All About Jazz needs your help and we have a deal. Pay $20 and we'll hide those six pesky Google ads that appear on every page, plus this box and the slideout box on the right for a full year! You'll also fund website expansion.
It's hard to take anything about the Industrial Jazz Group for granted. Even the LA-based ensemble's name is misleading to the point that its leader, Andrew Durkin, feels the need to address it in the header of the group's website. "So we're not really industrial. Were The Beatles really insects?" As explanations gohumorous as they might beit rings a little hollow. It does, however, speak volumes about IJG and its singular approach to music-making. Just when you think you've got it, when the form becomes clear, the beat insatiable, a song implodes and you're left to sift through the wreckage or a freely improvised saxophone solo is followed by a foray into '70s lounge rock. The result is rarely anything less than thrilling.
Recorded at a series of live concerts from 2004-07 and interspersed liberally with studio material, Leef is an unrelenting amalgam of shtick, pop, cabaret and classical that comes off equal parts Bernstein, Zappa and Mingus. Durkin has a hand in every aspect of Leef, including the live, often improvised performances that make up the album's core. The result is a so-called "hybrid approach," where live sections are touched up with studio material and entire passages from studio sessions are inserted into live material. Durkin attempts to tally the ratios in the album's notes and comes to a rough average 90% live material/10% studio, disregarding the entirely live "Don't Let 'em Getcha" and the studio recording of "Fuck The Muck (part one)." Thus Leef has the spontaneity of live performance along with the lightning transitions and rounded edges of a studio work. Add to that a beguiling uniqueness, humor and beauty and you have a great record by an incredible ensemble.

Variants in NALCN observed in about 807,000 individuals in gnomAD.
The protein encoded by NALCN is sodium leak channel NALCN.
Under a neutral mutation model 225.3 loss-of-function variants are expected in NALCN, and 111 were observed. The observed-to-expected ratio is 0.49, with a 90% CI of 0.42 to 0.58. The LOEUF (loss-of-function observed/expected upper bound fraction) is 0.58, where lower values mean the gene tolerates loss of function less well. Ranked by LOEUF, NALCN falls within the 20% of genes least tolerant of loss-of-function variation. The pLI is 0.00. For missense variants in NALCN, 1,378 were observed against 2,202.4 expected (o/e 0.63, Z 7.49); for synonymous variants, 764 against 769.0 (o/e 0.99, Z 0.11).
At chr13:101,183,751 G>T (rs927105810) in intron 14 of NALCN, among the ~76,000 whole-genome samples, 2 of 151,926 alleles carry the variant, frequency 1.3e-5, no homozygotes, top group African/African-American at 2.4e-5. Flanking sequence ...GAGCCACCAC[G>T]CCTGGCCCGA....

Track Listing: Ladies and Gentlemen; And Go; Don't Let 'em Getcha; PDX LIX LAX; My Guitar; Bongo Non
Troppo; What's Industrial Jazz?; What's in Anne's Icebox?; The Job Song;The Hotdog Hat;
Howl; Big Ass Preview; Richardson's Road Poem; Big Ass Truck; Fuck the Muck; Fuck the Muck
(2); Big Ass Truck (radio edit);The Job Song (radio edit).
Personnel: Beth Schenck: soprano sax, Cory Wright: soprano sax, Evan Francis: alto sax, Brian Walsh:
tenor sax, Katharina Thomsen: tenor sax, Josh Sinton: baritone sax
Phil Rodriguez: trumpet, Dan Rosenboom: trumpet, piccolo trumpet, Andre Canniere:
trumpet, Wolter Wierbos: trombone. James Hirschfeld: trombone
Jill Knapp: vocals, Oliver Newell: bass, Dan Schnelle: drums
Conducted by Andrew Durkin.
I love jazz because anything is possible; it has few rules and the best jazz breaks those ones. I prefer free improv because it doesn't really have any rules at all.
I was first exposed to jazz in my teens (in the late sixties).
The first jazz record I bought was Filles de Kilimanjaro by Miles Davis, shortly followed by Extrapolation by John McLaughlin.
My advice to new listeners is to listen as widely as possible and not to make snap judgments--stick with it.